Sunday, September 30, 2007

Nalini Jameela

The first time I heard about Nalini Jameela was perhaps a year ago, in a newspaper article. There was a photograph of her -- she has a pleasant face, not a young woman's face, but pleasant, thoughtful and somehow questing. Maybe the tilt of her head, the gaze directed upwards was deliberately posed to give that impression.

But what caught my attention and caused me to clip the item out of the paper -- NOT something I do often -- was that she is a sex-worker, living and working in Kerala, who had written her autobiography and got it published.

Now her autobiography, originally in malayalam has been re-published in English, by by Madras-based WESTLAND(I'll post a link here when/if I find one). I picked up copies at my friend (and Westland editor) Nilanjana Roy's home and speed-read my way through the book last night. It's not long -- 143 pages -- and its translation doesn't feel right -- but I would say it makes complusory reading.

It is, in many ways a shocking book -- NOT because of what it says about the life of a sex-worker but for what it reveals about the lives of so-called "ordinary" Indians. Jameela's story is one of extraordinary resilience -- but how can I use this word "extraordinary" without qualifying it? Alongside her story, like the bystanders whose faces enter the frames of photographs of filmstars posing in public places, are all the others with whom she interacts. They are all equally resilient, long-suffering and strong -- surely as extraordinary, if measured against the yardstick of the lives we read about in novels or learn about through movies. Against the backdrop of Jameela's account, however, "ordinary" and "extraordinary" cease to have much meaning -- she shows us that the huge majority of "ordinary" people have "extraordinary" experiences, in which case they are no longer extraordinary in the sense of unusual, but merely the norm -- the norm that is never acknowledged on its own terms, the norm that is pixelled out of the record by the "India Shining" mythologizers.

Jameela's life and the lives of the huge majority of those amongst whom she lives -- not just sex-workers, but the tradesmen, the rickshawallas, the policemen, the small hoteliers -- are marked by unrelenting insecurity, hampered by such extremes of heartlessness that it is really difficult to understand how they can bear to face up to their realities -- yet the very fact that they do, is a clear indication that it is I who am mistaken, as I judge these lives against the smug certitudes of my own (and of others like me).

The malayalam edition of her book was snapped up -- 13,000 copies were sold in the first 100 days, according to the introduction of this book. It is not a salacious book -- no-one reading it, I believe, is likely to get any cheap thrills from it. To some extent, I miss the spice that has been (I think deliberately) left out. Then again, I can see that a book like this needs to be super-decorous in its appearance and the language of its presentation, in order to avoid being driven underground by its subject-matter. How ironic that less provocative books -- lacy fictions built on middle-aged fantasies -- are decked out like scarlet ladies, while this one, about and by a scarlet lady, looks as meek and saintly as a vegetarian recipe book!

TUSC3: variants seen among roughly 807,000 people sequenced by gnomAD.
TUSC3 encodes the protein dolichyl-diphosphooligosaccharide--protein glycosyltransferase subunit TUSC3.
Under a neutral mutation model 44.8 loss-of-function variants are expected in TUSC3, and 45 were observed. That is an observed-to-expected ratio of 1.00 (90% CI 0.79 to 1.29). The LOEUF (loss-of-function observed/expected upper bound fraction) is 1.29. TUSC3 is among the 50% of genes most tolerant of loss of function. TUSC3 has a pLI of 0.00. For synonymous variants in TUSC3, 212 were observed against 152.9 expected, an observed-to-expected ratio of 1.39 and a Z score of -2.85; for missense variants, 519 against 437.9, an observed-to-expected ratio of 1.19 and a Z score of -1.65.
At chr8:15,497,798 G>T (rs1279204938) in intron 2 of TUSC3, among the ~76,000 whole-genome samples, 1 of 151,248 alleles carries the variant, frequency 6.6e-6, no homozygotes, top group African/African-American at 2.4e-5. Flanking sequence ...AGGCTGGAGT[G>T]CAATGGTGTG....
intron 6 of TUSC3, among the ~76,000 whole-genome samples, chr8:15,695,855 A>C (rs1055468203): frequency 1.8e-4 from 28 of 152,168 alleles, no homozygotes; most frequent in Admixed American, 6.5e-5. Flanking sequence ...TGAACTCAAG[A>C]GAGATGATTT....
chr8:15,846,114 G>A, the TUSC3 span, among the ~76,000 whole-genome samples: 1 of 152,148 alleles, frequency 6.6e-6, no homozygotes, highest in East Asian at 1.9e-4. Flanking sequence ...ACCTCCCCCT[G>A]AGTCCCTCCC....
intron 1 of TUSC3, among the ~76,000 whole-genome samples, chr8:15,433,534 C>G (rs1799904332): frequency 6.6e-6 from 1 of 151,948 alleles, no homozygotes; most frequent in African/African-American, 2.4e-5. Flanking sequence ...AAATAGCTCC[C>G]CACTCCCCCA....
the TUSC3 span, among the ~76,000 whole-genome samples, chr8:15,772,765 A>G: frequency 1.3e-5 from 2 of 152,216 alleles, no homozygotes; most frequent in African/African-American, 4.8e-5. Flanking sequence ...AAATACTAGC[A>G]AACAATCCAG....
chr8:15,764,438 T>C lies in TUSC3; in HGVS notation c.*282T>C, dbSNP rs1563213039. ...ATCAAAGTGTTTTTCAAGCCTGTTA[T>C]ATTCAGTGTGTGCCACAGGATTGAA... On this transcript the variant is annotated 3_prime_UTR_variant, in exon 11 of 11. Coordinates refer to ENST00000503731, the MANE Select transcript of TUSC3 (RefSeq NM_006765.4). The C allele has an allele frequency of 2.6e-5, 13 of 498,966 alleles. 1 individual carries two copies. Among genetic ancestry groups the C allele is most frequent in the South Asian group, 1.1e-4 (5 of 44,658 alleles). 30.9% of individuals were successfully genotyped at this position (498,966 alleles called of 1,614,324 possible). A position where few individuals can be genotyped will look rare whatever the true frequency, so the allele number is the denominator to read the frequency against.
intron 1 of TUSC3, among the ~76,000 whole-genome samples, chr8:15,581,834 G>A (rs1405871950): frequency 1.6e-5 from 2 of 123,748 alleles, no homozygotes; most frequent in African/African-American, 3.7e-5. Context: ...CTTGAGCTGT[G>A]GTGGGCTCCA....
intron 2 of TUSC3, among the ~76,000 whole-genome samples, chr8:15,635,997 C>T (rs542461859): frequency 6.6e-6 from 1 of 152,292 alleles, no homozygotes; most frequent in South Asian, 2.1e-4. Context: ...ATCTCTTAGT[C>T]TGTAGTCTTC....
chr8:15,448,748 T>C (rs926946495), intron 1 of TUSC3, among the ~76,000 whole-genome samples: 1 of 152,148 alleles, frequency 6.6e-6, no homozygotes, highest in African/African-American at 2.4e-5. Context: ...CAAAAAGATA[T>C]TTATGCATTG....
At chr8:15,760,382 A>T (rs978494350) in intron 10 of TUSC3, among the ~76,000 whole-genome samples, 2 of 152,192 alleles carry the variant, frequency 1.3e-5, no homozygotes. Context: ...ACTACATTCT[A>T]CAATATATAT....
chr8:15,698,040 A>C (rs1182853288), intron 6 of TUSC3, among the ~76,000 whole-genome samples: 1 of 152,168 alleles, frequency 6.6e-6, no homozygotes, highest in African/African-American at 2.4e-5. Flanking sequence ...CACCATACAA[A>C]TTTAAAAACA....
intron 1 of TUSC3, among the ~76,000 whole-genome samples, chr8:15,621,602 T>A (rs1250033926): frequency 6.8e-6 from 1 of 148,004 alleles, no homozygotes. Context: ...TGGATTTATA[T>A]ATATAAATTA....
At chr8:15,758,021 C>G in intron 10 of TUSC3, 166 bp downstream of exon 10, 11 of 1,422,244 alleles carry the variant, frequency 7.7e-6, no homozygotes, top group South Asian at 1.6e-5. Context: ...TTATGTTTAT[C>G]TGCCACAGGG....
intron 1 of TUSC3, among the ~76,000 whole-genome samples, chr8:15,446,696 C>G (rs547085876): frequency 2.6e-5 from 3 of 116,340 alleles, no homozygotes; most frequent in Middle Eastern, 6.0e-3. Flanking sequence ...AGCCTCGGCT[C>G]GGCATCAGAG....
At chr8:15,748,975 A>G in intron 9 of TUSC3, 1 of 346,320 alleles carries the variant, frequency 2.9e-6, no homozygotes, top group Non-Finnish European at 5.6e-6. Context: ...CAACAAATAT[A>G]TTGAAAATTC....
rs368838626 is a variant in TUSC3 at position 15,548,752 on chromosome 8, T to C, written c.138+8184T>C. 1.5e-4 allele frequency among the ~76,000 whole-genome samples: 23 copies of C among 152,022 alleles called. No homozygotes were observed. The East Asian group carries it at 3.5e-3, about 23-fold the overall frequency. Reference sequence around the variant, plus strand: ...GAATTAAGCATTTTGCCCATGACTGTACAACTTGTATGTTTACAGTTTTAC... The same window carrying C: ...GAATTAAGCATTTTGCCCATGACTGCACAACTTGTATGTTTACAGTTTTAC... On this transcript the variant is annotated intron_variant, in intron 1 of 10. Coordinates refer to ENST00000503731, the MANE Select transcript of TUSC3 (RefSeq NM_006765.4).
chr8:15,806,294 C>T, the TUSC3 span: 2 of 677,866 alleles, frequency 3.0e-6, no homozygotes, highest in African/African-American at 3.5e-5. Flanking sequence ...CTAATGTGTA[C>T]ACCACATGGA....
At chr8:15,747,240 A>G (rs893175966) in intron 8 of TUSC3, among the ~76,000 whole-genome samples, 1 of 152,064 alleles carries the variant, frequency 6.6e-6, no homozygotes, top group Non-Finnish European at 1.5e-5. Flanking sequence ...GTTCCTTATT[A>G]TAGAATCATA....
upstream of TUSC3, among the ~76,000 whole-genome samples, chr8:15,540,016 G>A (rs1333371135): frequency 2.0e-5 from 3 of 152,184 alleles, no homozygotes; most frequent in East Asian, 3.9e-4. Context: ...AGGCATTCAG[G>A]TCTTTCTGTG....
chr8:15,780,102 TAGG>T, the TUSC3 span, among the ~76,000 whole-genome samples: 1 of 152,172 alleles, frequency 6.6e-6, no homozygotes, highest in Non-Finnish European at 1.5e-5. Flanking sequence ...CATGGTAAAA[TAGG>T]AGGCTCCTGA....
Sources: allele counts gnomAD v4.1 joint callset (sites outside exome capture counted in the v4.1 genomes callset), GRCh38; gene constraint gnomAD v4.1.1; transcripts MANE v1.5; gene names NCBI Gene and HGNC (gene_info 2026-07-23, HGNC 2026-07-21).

gt said...

please provide link that depicts book's english translation availability.
on another note o wise 1- can u please explain why in general prostitution is considered a crime in society? if i meet a girl at a movie or restaurant and we go back home and burn out the sheets - its ok - but if i pay her for it - its regul8ed? i presume that the kinds of problems nalini and her cohorts runs into are because of the system? moral issues? its a criminal activity so you got to pay for it but if its love (ha!)or mutual attraction then you don't? as usual - i just dont get it. can u enlie10? gt

Marginalien said...

I asked NilRoy about the web-link and she said, Alas it will be a couple of weeks yet. However, I bought 10 copies of the book with the express intention of giving away copies to frenz. So ... just send me your terrestrial address by e-mail, gt and I'll airmail it to thee! (this service is only available to frenz whom I have known for 30+ years. Sorry!)

As for your second qwestchun ... ahhh! Therein lies the stuff of countless PhDs!! I believe the canonical explanation is that both men and women despise those who sell their sexual services -- because of the potential threats to the stability of the reproductive nest. Men impose sanctions on women whose multiple male partners, may result in progeny being supported by unwitting step-fathers; women pour scorn on other women whose sexual services have the potential to cause interruptions in the domestic bonds they (wives, i.e.) require in order to raise their children efficiently.

As for burning out the sheets with non-commercial lovers -- I suppose you DO realize that in India (and elsewhere) ANY extra-marital sex is frowned upon??

It's a tangled web all right ... I have an Oz friend who got it exactly right, I believe, when he made a perticularly cynical observation regarding prostitution: "When a man pays a woman after having sex with her it's not really for the service ... it's to make her go away -- i.e., to terminate the relationship cleanly, once the sex is over."

gt said...